Self-care has become a bit of a buzzword over recent months, but it really does make a difference to both our physical and mental health. So it’s good to make time for small enjoyable activities that will help you relax.
‘Downtime from work is crucial to maintaining good mental health and helping to prevent burnout. It is even more important whilst working from home. You need to give both the mind and body the opportunity to reset and recover during the working week,’ says Dr Arun Thiyagarajan, medical director at Bupa Health Clinics.
We all know how vital sleep is for our health. And if we are feeling ‘burnt out’ it’s especially important to help our brains recover and to improve our mood.
Jessica says: ‘To avoid burnout we need to rest. Not just getting into bed and sleeping but making sure the conditions are right for the best sleep possible – switching off mentally and technologically by turning off electronics an hour before bed, and shutting off from work and making time for meditation and reflection for what tomorrow needs.’
Create a plan for the day
It might sound simple, but a routine is the best way to help your brain process the day in a stress-free way.
Dr Elena says: ‘As humans, we thrive off structure. It encourages us to put healthy habits in place. And the sense of achievement we get from ticking things off our to-do lists helps us feel good about ourselves.’
Jessica advises going as far as to set alarms when your working day begins and ends – that way you’ll try to stick to it, rather than working into the evening.
She says: ‘If we aren’t keeping a strict eye, it’s easy for timings to spread. Make sure your working day is set including downtime and keep alarms to get you in the habit of knowing when to start and stop. Be strict with this until it feels like a habit.’
Of course, you don’t need to do the same thing every day as this will be monotonous. You can switch up the things you do – just try and keep the bare-bones structure of the day the same.
Switch off… properly
As much as our phones are great for offering distractions, they can be a hindrance when we are trying to focus on daily work.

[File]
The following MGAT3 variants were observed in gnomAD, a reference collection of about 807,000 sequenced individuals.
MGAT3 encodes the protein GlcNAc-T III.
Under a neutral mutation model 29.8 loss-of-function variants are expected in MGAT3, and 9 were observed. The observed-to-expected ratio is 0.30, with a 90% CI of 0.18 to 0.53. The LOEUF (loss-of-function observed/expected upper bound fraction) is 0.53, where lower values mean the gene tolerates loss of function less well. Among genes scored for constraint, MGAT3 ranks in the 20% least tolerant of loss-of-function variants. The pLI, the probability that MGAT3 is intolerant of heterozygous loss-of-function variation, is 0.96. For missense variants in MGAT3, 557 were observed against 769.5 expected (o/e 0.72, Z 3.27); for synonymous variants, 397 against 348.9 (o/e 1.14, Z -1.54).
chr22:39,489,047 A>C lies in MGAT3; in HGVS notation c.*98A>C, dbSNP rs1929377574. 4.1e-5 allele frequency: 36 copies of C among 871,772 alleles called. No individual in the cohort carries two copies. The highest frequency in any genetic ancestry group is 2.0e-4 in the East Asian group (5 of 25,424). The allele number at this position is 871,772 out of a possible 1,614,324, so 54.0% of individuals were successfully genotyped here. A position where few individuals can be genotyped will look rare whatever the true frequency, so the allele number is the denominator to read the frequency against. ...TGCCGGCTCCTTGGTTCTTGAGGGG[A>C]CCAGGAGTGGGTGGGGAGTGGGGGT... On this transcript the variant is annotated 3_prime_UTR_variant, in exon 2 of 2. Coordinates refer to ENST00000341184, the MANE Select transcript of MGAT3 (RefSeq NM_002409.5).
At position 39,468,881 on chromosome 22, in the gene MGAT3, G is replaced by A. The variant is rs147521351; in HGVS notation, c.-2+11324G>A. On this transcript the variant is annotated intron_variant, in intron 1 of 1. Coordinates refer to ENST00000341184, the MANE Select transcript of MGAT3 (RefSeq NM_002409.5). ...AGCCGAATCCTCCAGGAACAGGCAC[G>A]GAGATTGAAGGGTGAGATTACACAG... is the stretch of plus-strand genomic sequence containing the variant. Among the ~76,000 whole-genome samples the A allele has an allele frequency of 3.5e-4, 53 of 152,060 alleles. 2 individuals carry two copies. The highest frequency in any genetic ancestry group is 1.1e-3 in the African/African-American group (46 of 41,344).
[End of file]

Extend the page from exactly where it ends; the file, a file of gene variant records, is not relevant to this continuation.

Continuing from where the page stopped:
‘Seeing your phone or computer flash messages all day long breaks up cycles of productivity and creativity,’ says Jessica.
She advises keeping your phone face down, turning notifications and training yourself to go for long intervals without checking. This will help you be in the moment with the activity at hand and feel less stressed in the process, as you’re not multi-tasking.
Make time to unwind from work
It’s worth acting like you still have an evening commute and to use this time to wind down from work – this will help you properly switch off for the day and feel less stressed.
Consultant psychiatrist Dr Niall Campbell, from Priory Group, says, ‘Both male and female patients tell me they miss the commute because although it was previously seen as a chore, it was (for many) a time to chill, to listen to podcasts, to unwind for two hours or so a day, away from the family and work.
‘Interestingly, they’re nostalgic about it. They don’t feel it was a waste of time anymore.’
Exercising can be a good way to do this – plus it releases feel-good hormones. Alternatively, reading is another great option.
Ask for help
Career coach Natalie Trice says: ‘No one is expecting you to work miracles when it comes to working from home and, if it’s not something you enjoy, remember that it won’t be forever.
‘If you are feeling overwhelmed, alone or stuck, asking for help is a positive sign – not a weakness. If you battle on making no changes, getting more tired and increasingly overwhelmed, burnout will be biting on your slipper heels.’
Speaking to your boss or your team could be incredibly helpful as they might be able to offer practical solutions to help your situation – but they won’t know unless you tell them.